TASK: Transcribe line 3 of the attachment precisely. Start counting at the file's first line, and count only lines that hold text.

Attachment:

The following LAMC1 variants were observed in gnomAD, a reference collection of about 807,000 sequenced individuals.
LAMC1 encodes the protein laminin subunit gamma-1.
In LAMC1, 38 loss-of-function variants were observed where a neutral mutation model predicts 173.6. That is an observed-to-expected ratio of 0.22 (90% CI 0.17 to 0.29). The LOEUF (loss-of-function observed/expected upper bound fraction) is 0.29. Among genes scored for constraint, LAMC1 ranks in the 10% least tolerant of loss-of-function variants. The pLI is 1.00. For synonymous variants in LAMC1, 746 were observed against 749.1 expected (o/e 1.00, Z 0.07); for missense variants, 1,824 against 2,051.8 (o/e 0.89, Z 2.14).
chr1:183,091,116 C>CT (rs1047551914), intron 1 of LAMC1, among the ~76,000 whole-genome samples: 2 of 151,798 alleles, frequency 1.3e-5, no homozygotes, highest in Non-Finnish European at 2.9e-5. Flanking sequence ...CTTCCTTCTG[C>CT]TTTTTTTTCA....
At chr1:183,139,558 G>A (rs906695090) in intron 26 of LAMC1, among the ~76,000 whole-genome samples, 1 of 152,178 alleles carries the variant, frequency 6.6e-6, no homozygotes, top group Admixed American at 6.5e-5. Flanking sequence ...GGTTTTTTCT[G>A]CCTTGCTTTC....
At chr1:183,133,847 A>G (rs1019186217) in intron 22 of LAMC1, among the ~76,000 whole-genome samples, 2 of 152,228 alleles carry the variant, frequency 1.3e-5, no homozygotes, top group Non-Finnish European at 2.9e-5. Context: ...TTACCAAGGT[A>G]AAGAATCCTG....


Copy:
In LAMC1, 38 loss-of-function variants were observed where a neutral mutation model predicts 173.6. That is an observed-to-expected ratio of 0.22 (90% CI 0.17 to 0.29). The LOEUF (loss-of-function observed/expected upper bound fraction) is 0.29. Among genes scored for constraint, LAMC1 ranks in the 10% least tolerant of loss-of-function variants. The pLI is 1.00. For synonymous variants in LAMC1, 746 were observed against 749.1 expected (o/e 1.00, Z 0.07); for missense variants, 1,824 against 2,051.8 (o/e 0.89, Z 2.14).